Anyone making use of political targeting and amplification involving the processing of personal data will also need to:

  • adopt and implement an internal policy on the use of such techniques;
  • keep records of the techniques used and sources of personal information;
  • provide the targeted person with additional information concerning the targeting or amplification, including:
    • the specific groups targeted,
    • the parameters used to determine the recipients to whom the advertising is disseminated (with the same level of detail as used for the targeting),
    • the categories of personal data used for the targeting and amplification,
    • the targeting and amplification goals, mechanisms and logic including the inclusion and exclusion parameters and the reasons for choosing these parameters,
    • the period of dissemination, the number of individuals to whom the advertisement is disseminated and indications of the size of the targeted audience within the relevant electorate,
    • the source of the personal data use, including, where applicable, information that the personal data was derived, inferred, or obtained from a third party and its identity as well as a link to the data protection notice of that third party for the processing at stake;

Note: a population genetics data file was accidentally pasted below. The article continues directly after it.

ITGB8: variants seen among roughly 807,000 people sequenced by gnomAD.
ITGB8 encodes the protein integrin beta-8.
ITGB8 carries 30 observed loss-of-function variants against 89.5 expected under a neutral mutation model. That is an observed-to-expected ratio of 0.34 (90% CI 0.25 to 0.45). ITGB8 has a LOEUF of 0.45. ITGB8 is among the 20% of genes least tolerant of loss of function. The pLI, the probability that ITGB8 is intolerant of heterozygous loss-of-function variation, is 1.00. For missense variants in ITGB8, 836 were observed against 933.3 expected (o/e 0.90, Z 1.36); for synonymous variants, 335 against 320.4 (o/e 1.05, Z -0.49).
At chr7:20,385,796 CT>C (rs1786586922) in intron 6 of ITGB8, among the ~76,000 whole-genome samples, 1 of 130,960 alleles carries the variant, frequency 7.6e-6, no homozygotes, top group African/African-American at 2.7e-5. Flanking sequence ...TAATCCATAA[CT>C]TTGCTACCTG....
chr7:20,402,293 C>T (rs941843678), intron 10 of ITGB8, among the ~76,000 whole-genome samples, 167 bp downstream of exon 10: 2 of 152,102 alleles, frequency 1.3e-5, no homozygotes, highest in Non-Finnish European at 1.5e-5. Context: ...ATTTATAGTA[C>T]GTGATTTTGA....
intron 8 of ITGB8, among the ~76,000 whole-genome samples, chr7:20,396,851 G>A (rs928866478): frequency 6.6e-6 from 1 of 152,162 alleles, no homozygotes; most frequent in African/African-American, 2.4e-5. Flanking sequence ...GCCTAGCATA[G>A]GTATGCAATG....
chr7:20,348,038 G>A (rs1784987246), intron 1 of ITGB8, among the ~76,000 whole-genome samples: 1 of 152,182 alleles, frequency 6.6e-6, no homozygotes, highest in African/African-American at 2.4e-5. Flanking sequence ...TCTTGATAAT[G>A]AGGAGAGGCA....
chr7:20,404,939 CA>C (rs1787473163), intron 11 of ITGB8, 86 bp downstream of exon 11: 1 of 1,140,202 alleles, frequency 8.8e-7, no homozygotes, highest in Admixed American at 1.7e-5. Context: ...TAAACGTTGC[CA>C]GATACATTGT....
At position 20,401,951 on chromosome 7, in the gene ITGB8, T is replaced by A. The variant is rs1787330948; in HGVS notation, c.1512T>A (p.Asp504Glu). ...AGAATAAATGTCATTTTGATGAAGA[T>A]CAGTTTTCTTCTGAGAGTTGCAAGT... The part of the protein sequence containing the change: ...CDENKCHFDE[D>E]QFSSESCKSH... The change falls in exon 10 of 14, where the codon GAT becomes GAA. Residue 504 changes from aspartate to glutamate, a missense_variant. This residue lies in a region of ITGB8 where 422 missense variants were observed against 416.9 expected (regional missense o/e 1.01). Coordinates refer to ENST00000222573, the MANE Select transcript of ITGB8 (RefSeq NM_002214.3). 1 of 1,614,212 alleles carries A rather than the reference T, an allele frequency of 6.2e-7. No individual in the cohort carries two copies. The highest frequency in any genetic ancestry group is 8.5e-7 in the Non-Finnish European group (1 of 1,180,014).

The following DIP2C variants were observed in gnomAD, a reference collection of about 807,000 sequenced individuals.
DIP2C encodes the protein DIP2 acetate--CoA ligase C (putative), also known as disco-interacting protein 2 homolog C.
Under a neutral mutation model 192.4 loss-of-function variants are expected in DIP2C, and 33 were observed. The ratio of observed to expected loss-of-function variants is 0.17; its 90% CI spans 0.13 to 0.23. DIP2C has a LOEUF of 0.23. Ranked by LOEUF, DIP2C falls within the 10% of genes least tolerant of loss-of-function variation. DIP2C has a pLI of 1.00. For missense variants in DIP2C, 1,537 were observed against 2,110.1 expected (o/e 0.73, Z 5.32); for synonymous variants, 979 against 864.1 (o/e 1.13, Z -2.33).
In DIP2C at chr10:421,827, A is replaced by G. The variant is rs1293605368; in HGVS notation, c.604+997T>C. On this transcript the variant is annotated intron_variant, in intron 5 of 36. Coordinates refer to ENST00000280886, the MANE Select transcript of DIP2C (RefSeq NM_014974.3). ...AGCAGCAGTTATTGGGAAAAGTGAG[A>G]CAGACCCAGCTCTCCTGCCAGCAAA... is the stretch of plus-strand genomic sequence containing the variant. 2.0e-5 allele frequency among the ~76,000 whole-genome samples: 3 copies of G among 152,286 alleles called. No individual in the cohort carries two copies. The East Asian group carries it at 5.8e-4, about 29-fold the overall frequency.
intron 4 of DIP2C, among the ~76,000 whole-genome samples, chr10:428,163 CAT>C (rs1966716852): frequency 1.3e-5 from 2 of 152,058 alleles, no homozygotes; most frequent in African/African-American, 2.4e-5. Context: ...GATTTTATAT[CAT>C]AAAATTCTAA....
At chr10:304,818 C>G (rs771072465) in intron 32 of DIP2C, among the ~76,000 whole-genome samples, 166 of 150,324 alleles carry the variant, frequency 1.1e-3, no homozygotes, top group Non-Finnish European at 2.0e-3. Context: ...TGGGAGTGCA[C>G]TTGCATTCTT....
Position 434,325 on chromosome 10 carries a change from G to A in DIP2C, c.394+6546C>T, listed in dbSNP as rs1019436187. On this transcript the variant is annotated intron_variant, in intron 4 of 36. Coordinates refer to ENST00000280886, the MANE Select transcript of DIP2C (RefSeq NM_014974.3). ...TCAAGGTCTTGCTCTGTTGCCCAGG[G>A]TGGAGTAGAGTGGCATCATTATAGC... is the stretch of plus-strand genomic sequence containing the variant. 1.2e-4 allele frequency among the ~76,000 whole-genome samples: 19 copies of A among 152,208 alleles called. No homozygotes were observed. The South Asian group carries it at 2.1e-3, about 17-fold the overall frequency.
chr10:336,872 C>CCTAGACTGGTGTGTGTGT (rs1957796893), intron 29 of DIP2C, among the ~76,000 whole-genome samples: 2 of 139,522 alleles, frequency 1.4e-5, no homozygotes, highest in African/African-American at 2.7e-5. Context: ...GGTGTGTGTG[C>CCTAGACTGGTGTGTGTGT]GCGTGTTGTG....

• a link to effective means to support individuals' exercise of their rights under EU data protection rules.

Publishers of political adverts will need to ensure that this additional information about the targeting of political advertising they publish is included in the transparency notices they make available with the political advertisement.

5. What are the (new) obligations for platforms, media publishers, advertising agencies, etc. proposed in this Regulation?

The proposed Regulation lays down rules for all the actors in the advertising value chain, both online and offline. Each of these players will need to play their part to ensure that the right level of transparency and accountability is set in the EU for political advertising and that individuals are well equipped to understand political ads when they see them.

All political advertising services, from ad tech that intermediate the placement of ads, to consultancies and advertising agencies producing the advertising campaigns, will have to retain the information they have access to through the provision of their service about the ad, the sponsor and the dissemination of the ad. They will have to transfer this information to the publisher of the political ad – this can be the website or app where the ad is seen by an individual, a newspaper, a TV broadcaster, a radio station, etc. The publisher will need to make the information available to the individual who sees the ad.

Political advertising publishers have to publish the following for each political advertisement in a clear and unambiguous way:

  • a clear statement to the effect that it is a political advertisement;